By Kerry Chatburn on Tue, Jul 17, 2012 @ 11:07 AM
Welcome to the second article in a 3 part series discussing whether or not saliva can replace blood for DNA collection and analysis. In part 1 of this blog series, we examined the quality issue of blood and saliva. In part 2, we look at the functionality and ease of use. We hope you find this content interesting. Let us know what you think of this series by leaving a comment. Thank you in advance.
Functionality / Ease of Use
When collecting a sample from a distant relative, a child or someone with a psychiatric disorder, obtaining a blood sample can be difficult and stressful on the patient. Oragene is an easy to use self-collection kit which improves patient care by providing a simple, painless alternative and removes the inconvenience, anxiety and cost of going to a clinic for a blood draw. Oragene has also been shown to improve compliance rates and speed up collection and extraction processes when compared to blood, rendering healthcare more efficient.
Abraham, J.E. et al. states “… advantages of saliva … include lower overall cost, lower infection risk, increased patient convenience, acceptability, compliance, and uptake.”1
Bahlo, M. et al. reports in their study “The Oragene kit … presents minimal inconvenience to the participant, resulting in high response rates. Further, we have shown that saliva samples can be sent in the mail to a central collection point, thereby reducing transportation costs and the risk of duplication.”2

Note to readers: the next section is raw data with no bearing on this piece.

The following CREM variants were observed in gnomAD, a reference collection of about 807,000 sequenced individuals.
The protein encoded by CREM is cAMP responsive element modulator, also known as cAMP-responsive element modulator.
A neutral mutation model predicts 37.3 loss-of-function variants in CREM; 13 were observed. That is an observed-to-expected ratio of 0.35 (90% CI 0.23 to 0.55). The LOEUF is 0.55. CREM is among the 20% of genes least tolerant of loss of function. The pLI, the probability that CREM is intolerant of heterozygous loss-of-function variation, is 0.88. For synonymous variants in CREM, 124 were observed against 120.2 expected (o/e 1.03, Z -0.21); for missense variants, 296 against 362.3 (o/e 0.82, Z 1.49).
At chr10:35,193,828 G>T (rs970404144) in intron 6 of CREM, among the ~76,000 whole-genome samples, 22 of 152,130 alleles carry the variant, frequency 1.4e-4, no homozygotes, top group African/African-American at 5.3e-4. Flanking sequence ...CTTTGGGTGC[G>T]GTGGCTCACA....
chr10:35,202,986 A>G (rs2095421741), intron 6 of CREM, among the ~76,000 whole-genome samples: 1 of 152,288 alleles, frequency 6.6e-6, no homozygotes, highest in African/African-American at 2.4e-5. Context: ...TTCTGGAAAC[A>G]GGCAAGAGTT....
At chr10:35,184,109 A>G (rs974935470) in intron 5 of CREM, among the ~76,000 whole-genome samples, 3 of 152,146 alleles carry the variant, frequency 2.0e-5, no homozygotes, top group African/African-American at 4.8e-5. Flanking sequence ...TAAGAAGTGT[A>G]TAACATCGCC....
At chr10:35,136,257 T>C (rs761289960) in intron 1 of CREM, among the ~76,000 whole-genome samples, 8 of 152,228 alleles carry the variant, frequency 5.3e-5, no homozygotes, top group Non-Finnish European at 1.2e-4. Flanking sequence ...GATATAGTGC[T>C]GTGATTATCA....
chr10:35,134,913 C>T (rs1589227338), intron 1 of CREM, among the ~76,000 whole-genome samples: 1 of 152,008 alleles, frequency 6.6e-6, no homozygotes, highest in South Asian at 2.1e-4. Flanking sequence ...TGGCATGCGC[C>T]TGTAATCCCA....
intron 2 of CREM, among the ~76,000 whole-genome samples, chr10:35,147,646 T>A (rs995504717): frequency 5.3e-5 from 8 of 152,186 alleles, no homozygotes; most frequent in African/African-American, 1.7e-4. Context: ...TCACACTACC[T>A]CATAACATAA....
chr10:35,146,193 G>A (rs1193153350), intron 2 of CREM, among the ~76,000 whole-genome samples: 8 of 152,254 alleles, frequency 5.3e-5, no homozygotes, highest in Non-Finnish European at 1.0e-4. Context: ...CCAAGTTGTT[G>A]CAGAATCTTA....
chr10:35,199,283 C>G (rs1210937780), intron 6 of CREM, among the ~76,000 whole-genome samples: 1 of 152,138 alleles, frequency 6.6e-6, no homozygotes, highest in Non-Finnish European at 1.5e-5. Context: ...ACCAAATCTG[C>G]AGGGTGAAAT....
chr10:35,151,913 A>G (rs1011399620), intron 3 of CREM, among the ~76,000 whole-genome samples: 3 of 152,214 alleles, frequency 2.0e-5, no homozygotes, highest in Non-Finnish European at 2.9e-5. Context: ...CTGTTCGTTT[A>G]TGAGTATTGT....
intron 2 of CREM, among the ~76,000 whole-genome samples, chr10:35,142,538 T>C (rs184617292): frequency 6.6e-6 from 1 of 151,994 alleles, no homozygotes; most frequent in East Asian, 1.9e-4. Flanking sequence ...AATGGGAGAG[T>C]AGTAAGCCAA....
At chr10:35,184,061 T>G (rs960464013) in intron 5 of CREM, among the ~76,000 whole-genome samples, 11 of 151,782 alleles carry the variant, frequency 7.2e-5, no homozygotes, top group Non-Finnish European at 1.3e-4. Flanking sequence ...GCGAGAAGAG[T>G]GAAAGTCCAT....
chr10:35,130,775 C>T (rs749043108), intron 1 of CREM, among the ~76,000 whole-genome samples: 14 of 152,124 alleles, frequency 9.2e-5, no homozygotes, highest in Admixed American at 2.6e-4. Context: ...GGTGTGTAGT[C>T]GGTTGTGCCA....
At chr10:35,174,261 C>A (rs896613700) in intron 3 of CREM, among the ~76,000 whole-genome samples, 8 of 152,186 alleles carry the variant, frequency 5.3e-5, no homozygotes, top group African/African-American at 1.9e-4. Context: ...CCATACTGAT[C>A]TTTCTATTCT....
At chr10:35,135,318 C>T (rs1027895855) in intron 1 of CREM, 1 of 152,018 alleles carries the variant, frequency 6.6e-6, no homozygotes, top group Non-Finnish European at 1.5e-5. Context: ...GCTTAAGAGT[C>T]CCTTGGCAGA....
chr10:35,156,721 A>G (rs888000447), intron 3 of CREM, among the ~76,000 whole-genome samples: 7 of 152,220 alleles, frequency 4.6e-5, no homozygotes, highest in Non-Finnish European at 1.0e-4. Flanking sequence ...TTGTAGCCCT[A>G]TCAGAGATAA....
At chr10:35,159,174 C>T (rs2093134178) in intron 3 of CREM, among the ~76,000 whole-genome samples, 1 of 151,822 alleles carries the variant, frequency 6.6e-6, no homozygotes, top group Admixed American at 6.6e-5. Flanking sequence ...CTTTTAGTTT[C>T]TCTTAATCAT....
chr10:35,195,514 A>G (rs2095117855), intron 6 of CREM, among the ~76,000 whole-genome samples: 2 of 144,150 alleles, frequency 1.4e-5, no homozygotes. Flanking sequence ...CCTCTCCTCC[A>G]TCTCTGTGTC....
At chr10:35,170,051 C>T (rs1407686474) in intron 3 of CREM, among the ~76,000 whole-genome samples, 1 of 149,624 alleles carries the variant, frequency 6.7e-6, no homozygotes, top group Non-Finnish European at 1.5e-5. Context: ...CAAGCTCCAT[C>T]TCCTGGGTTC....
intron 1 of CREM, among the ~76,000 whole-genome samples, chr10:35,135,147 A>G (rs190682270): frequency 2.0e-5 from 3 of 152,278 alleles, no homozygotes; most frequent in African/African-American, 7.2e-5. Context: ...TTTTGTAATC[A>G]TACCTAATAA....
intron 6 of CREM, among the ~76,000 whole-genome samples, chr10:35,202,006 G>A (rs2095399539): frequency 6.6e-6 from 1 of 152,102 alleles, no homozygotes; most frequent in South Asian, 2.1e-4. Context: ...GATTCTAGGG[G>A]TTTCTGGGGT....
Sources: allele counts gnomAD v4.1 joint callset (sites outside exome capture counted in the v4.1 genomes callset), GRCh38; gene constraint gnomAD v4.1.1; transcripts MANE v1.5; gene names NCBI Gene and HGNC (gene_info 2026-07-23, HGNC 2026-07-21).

Another work by Viltrop T. et at. states “Saliva collection is a painless procedure with no risk of disease transmission and no requirements for specialized medical personnel. Also, saliva collection allows wider population sampling as it is possible to collect DNA samples by mail.” 3
Zhang, L. et al. also affirms “…saliva collection (Oragene DNA self-collection kit) … is especially attractive for maximizing the participation rate … [and] clinical situations in which patients and/or their relatives are not available for on-site whole blood collection. We have also adopted this test to provide rapid turnaround (1 week) results ...”4
And in their 2009 breast cancer study, Ambroson, C.B. et al. transitioned from blood to saliva collection using Oragene kits to reduce costs and to facilitate participation.5
It should further be mentioned, Oragene/saliva samples are compatible with high-throughput DNA processing, enabling seamless integration into existing automated lab extraction procedures. With convenience established for the donor, clinician, and lab, our focus now turns to cost.
With that, we are closing this second article on the functionality of saliva vs. blood and hope we've made you eager to read the final part next week. The series will continue as follows:
- July 25, 2012: We examine the cost of saliva vs. blood collection and analysis
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1 Abraham, J.E. et al. (2012). Saliva samples are a viable alternative to blood samples as a source of DNA for high throughput genotyping.
2 Bahlo M. et al. Saliva-Derived DNA Performs Well in Large-Scale, High-Density Single-Nucleotide Polymorphism Microarray Studies. Cancer Epidemiol Biomarkers Prev. 19(3): 794-798 (2010).
3 Viltrop T. et al. Comparison of DNA extraction methods for multiplex polymerase chain reaction. Anal Biochem. 398(2): 260-262 (2009).
4 Zhang L. et al. A Rapid and Reliable Test for BRCA1 and BRCA2 Founder Mutation Analysis in Paraffin Tissue Using Pyrosequencing. J Molecular Diagn. 11(3): 176-181 (2009).
5 Ambrosone C.B. et al. Conducting Molecular Epidemiological Research in the Age of HIPAA: A Multi-Institutional Case-Control Study of Breast Cancer in African-American and European-American Women. J Oncol. 2009: 1-15 (2009).